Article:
Ms RISHWORTH (Kingston) (18:56): Before I get into the substance of this debate, I'm pleased to know and to hear from the members that in the Liberal Party they are now up for centralised wage fixing. Forget enterprise bargaining, forget anything but centralised, industry-wide wage fixing! I'm pleased to hear that the Liberal Party no longer has WorkChoices as an article of faith. The member for Corangamite may not have been here, but I was here when we were unpicking WorkChoices. The Liberal Party left us with zero industrial relations architecture. It was dog eat dog, and get what you can from your employer. We know that there are members of the IPA in the Liberal Party that say that there should be no minimum wage whatsoever. You should get for your labour what the company will actually assign to you. Quite frankly, these are crocodile tears coming from the member for Corangamite, when we know that it is an article of faith for the Liberal Party that they want to rip up centralised wage fixing and enterprise bargaining and have each employee go and beg for their wage—beg individually for what they can get and hope that it puts bread on the table.
Ms RISHWORTH (Kingston) (15:18): Thank you, Mr Speaker. At the end of this week, families are going to be hit twice by this government and its cruel cuts. On Sunday, we are going to see the penalty rates that Australian workers rely on cut by this government. And then on Monday, the Turnbull government's new, unfair childcare system will come in—a system that will make it harder for so many children to get access to early education and childcare. We know that cutting workers' entitlements is an article of faith for the Liberal Party. It is an article of faith for the Liberal Party to cut from workers—to cut penalty rates and to cut their working conditions. They have never shied away from that. But I thought they cared about early education and access to early education for so many people. But of course it is clear now that their ideological crusade is not just about penalty rates and cutting and stripping workers' rights but also about denying children—often the most vulnerable children—access to early education.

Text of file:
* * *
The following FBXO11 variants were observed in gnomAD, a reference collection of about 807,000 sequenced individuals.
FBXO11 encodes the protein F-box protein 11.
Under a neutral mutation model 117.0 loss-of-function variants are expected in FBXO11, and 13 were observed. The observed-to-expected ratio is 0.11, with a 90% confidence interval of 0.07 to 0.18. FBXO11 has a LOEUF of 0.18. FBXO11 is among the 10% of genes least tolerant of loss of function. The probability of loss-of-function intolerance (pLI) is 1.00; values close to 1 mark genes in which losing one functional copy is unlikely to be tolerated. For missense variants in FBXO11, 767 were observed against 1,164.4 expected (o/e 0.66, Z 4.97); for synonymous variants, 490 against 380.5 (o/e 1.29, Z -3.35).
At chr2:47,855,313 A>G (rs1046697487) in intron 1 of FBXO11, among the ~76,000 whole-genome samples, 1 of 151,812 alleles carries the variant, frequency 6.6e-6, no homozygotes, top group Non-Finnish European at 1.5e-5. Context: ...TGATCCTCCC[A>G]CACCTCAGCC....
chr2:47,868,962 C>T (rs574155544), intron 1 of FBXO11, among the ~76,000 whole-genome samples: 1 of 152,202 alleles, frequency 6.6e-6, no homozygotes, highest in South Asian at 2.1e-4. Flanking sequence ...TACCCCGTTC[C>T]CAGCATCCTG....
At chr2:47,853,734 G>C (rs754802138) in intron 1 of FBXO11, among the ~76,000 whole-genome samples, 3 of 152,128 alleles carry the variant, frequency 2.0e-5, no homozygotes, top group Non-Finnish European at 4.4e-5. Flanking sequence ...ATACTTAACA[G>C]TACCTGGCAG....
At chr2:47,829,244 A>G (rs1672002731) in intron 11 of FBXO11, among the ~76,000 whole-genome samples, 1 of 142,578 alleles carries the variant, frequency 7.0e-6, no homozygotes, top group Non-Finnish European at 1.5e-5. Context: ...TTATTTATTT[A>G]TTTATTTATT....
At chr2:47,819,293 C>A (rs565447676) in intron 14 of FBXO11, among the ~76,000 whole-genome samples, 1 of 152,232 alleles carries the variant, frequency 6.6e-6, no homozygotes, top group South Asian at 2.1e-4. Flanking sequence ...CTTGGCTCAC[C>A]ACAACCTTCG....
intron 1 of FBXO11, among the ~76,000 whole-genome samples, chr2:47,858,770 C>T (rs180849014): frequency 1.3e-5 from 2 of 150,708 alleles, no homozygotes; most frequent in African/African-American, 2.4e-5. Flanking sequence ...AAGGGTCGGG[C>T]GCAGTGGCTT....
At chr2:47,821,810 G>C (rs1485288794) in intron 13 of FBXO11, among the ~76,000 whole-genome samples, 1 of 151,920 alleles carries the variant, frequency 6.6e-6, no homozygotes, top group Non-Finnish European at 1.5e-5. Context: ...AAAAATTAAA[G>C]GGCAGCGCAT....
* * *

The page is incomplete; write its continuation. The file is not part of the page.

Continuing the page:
Ms RISHWORTH (Kingston) (16:24): Everyone in the house would know the diverse range of inquiries and questions we as members of parliament get at our electorate offices. But, during the last two years, some of the biggest complaints to my electorate office have been in two particular areas, unfortunately. The first is problems with the NBN. I will go into that another time. The second is complaints about the dwindling customer service from Centrelink. We know that, while the government has been focused on corporate tax cuts to the big banks and other multinational companies, they've chipped away at Australia's safety net for those on income support, those on pensions, those who deserve support from government. One of the biggest complaints that I get in my electorate is that they cannot even get through to Centrelink. They need to ring my electorate office to try and cut through and get through to Centrelink. That is simply not good enough. We know that experienced front-line Centrelink staff are getting the chop, with their positions being outsourced to labour hire companies. This is having an impact on desperate people who need support and need an answer.